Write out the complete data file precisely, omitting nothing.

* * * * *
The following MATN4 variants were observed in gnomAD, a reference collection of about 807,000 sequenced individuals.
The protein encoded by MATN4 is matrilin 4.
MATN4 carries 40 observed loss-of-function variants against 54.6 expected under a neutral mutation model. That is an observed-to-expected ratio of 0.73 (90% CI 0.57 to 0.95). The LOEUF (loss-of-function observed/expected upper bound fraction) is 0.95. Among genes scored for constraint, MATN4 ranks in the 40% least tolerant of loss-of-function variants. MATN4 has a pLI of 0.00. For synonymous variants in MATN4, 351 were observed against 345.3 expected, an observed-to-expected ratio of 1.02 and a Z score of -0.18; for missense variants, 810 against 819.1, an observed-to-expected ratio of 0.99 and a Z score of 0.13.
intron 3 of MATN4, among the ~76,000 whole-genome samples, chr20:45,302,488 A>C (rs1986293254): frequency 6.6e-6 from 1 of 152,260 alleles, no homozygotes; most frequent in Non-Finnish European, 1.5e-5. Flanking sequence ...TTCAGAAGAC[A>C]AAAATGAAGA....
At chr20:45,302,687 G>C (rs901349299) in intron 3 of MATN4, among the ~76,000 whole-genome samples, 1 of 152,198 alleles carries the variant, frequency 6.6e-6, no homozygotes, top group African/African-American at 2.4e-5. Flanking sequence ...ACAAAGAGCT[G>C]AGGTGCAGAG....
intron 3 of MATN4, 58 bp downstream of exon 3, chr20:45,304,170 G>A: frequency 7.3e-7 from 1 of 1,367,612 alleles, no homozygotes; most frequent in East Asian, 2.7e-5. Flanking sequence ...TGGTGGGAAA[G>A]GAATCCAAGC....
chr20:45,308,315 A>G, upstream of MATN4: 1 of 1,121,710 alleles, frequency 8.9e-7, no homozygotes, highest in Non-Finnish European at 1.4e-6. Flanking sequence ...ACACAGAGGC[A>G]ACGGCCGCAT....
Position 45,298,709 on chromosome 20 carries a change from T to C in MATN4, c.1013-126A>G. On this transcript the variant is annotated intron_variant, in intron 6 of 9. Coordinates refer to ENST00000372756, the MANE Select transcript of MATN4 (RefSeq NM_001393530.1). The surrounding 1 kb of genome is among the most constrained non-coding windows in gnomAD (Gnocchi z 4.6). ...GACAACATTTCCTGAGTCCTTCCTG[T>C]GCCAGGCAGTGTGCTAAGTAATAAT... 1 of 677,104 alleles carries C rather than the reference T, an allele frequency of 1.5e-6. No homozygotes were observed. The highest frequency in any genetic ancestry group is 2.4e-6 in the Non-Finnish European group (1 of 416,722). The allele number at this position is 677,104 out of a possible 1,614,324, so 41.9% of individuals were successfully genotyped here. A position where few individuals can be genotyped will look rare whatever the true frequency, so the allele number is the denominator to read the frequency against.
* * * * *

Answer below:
The following MATN4 variants were observed in gnomAD, a reference collection of about 807,000 sequenced individuals.
The protein encoded by MATN4 is matrilin 4.
MATN4 carries 40 observed loss-of-function variants against 54.6 expected under a neutral mutation model. That is an observed-to-expected ratio of 0.73 (90% CI 0.57 to 0.95). The LOEUF (loss-of-function observed/expected upper bound fraction) is 0.95. Among genes scored for constraint, MATN4 ranks in the 40% least tolerant of loss-of-function variants. MATN4 has a pLI of 0.00. For synonymous variants in MATN4, 351 were observed against 345.3 expected, an observed-to-expected ratio of 1.02 and a Z score of -0.18; for missense variants, 810 against 819.1, an observed-to-expected ratio of 0.99 and a Z score of 0.13.
intron 3 of MATN4, among the ~76,000 whole-genome samples, chr20:45,302,488 A>C (rs1986293254): frequency 6.6e-6 from 1 of 152,260 alleles, no homozygotes; most frequent in Non-Finnish European, 1.5e-5. Flanking sequence ...TTCAGAAGAC[A>C]AAAATGAAGA....
At chr20:45,302,687 G>C (rs901349299) in intron 3 of MATN4, among the ~76,000 whole-genome samples, 1 of 152,198 alleles carries the variant, frequency 6.6e-6, no homozygotes, top group African/African-American at 2.4e-5. Flanking sequence ...ACAAAGAGCT[G>C]AGGTGCAGAG....
intron 3 of MATN4, 58 bp downstream of exon 3, chr20:45,304,170 G>A: frequency 7.3e-7 from 1 of 1,367,612 alleles, no homozygotes; most frequent in East Asian, 2.7e-5. Flanking sequence ...TGGTGGGAAA[G>A]GAATCCAAGC....
chr20:45,308,315 A>G, upstream of MATN4: 1 of 1,121,710 alleles, frequency 8.9e-7, no homozygotes, highest in Non-Finnish European at 1.4e-6. Flanking sequence ...ACACAGAGGC[A>G]ACGGCCGCAT....
Position 45,298,709 on chromosome 20 carries a change from T to C in MATN4, c.1013-126A>G. On this transcript the variant is annotated intron_variant, in intron 6 of 9. Coordinates refer to ENST00000372756, the MANE Select transcript of MATN4 (RefSeq NM_001393530.1). The surrounding 1 kb of genome is among the most constrained non-coding windows in gnomAD (Gnocchi z 4.6). ...GACAACATTTCCTGAGTCCTTCCTG[T>C]GCCAGGCAGTGTGCTAAGTAATAAT... 1 of 677,104 alleles carries C rather than the reference T, an allele frequency of 1.5e-6. No homozygotes were observed. The highest frequency in any genetic ancestry group is 2.4e-6 in the Non-Finnish European group (1 of 416,722). The allele number at this position is 677,104 out of a possible 1,614,324, so 41.9% of individuals were successfully genotyped here. A position where few individuals can be genotyped will look rare whatever the true frequency, so the allele number is the denominator to read the frequency against.